Landmark Supreme Court Judgement Upholds Women’s Property Rights Even After Marriage
The past few years have taken my respect for the judicial system of our country higher by several notches. Ruling after ruling has made it all too clear that the courts are helping society evolve towards gender equality.
First there was the Supreme Court judgement in July 2015 allowing unwed mothers to become the sole guardian of the child. This was followed by the Bombay High Court ruling in July 2016 asking married women to share the responsibility of their parents’ upkeep. Now, in February 2017, we have a judgement that allows a woman who holds property to maintain her right to the property even after marriage.
What was the case?
The case here revolved around Ms. Nidhi Vs. Ram Kripal Sharma. Nidhi was the landlady of the premises occupied by Ram Kripal Sharma and they were both already in a dispute over the possession of the property. During the course of the court proceedings, Nidhi got married, and thus it was contested by the tenant that she no longer ‘needed’ the property as she was well settled with her husband.
In a fair judgement, the Honourable Supreme Court overruled the ruling of the High Court and passed a judgement stating that the event of marriage does not end a landlady’s claim to the possession of the premises. She is legally allowed to accommodate her parents and grandparents in those premises so that they don’t face any hardship.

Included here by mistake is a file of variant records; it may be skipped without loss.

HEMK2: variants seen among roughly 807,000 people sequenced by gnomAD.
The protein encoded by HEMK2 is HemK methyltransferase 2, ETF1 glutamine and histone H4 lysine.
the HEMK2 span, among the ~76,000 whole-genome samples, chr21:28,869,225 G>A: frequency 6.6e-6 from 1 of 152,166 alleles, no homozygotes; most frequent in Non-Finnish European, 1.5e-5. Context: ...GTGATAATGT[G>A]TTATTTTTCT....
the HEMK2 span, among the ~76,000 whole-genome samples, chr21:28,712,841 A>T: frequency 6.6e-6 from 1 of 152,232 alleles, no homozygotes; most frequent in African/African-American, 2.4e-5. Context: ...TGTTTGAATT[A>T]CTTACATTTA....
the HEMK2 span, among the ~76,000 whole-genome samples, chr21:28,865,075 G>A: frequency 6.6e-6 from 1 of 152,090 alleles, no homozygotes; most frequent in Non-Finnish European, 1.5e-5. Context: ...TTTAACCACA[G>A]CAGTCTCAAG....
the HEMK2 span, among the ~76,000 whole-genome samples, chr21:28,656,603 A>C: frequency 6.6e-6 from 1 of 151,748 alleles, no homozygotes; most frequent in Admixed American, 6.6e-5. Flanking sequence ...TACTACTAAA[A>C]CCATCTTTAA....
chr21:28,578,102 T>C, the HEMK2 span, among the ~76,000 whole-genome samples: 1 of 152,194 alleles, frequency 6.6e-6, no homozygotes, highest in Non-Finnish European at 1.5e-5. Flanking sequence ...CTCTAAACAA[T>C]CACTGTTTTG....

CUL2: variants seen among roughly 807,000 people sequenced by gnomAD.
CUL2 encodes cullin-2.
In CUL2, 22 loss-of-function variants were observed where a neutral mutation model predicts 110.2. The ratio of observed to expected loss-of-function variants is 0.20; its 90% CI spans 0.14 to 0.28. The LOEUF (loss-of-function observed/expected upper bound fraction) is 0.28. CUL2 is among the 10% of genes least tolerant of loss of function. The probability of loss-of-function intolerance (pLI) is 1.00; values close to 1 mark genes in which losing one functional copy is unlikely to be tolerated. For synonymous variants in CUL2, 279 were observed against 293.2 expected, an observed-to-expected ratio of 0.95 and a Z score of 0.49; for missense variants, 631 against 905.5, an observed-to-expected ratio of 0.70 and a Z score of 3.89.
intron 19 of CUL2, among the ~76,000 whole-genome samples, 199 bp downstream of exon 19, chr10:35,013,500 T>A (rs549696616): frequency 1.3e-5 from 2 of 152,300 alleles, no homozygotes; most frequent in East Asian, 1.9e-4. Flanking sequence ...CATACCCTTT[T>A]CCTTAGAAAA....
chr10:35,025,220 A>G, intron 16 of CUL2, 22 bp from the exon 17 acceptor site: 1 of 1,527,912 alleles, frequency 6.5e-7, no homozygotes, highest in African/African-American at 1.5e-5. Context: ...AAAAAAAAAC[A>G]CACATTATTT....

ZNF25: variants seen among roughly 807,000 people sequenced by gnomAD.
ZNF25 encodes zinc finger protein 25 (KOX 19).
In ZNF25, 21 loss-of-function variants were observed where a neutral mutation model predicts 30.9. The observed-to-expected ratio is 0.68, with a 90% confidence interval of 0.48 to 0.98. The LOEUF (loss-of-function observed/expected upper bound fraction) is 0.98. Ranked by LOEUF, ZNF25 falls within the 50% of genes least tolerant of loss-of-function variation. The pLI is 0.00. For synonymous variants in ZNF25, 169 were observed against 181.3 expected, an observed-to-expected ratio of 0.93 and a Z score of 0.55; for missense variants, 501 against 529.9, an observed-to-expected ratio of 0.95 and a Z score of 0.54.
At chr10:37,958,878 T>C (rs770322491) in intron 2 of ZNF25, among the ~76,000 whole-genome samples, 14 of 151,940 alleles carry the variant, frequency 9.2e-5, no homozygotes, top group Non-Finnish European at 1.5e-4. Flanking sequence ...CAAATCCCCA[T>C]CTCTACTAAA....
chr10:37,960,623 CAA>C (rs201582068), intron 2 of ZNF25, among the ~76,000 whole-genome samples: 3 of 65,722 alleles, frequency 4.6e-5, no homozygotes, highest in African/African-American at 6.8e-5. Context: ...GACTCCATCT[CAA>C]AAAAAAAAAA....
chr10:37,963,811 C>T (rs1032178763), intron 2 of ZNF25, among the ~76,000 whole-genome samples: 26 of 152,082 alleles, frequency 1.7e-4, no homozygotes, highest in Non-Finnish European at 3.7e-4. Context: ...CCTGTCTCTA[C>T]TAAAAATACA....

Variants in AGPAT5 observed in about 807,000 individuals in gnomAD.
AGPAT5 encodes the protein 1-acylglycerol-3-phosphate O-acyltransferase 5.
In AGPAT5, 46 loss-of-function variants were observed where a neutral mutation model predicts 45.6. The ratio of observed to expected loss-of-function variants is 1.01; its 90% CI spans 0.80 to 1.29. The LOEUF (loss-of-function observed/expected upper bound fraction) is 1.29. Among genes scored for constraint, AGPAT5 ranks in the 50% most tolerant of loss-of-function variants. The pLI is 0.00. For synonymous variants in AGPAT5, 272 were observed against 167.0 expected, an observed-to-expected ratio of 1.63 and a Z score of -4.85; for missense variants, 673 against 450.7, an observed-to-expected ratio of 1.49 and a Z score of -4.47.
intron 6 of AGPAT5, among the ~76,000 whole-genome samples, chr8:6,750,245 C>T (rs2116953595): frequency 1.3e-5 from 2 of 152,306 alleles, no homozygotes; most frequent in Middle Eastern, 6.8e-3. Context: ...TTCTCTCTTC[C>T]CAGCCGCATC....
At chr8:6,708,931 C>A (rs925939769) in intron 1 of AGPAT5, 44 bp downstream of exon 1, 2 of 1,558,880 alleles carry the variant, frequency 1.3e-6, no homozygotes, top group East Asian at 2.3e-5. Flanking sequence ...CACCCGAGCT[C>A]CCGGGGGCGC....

What it means for women?
This is a great judgement in favour of women as it banishes the popular belief that after marriage, we daughters do not have any ‘need’ to look after our parents.
This also means that any property owned by a woman, irrespective of her marital status, can be used by her at all times, and she can choose to use it in any way she wants to.
The most important part of this judgement is that it steers clear of gender-defined roles and looks at the situation without any prejudices.
Society is evolving and it is heartening to see our judiciary leading the way.
Written by Ruchi Ranjan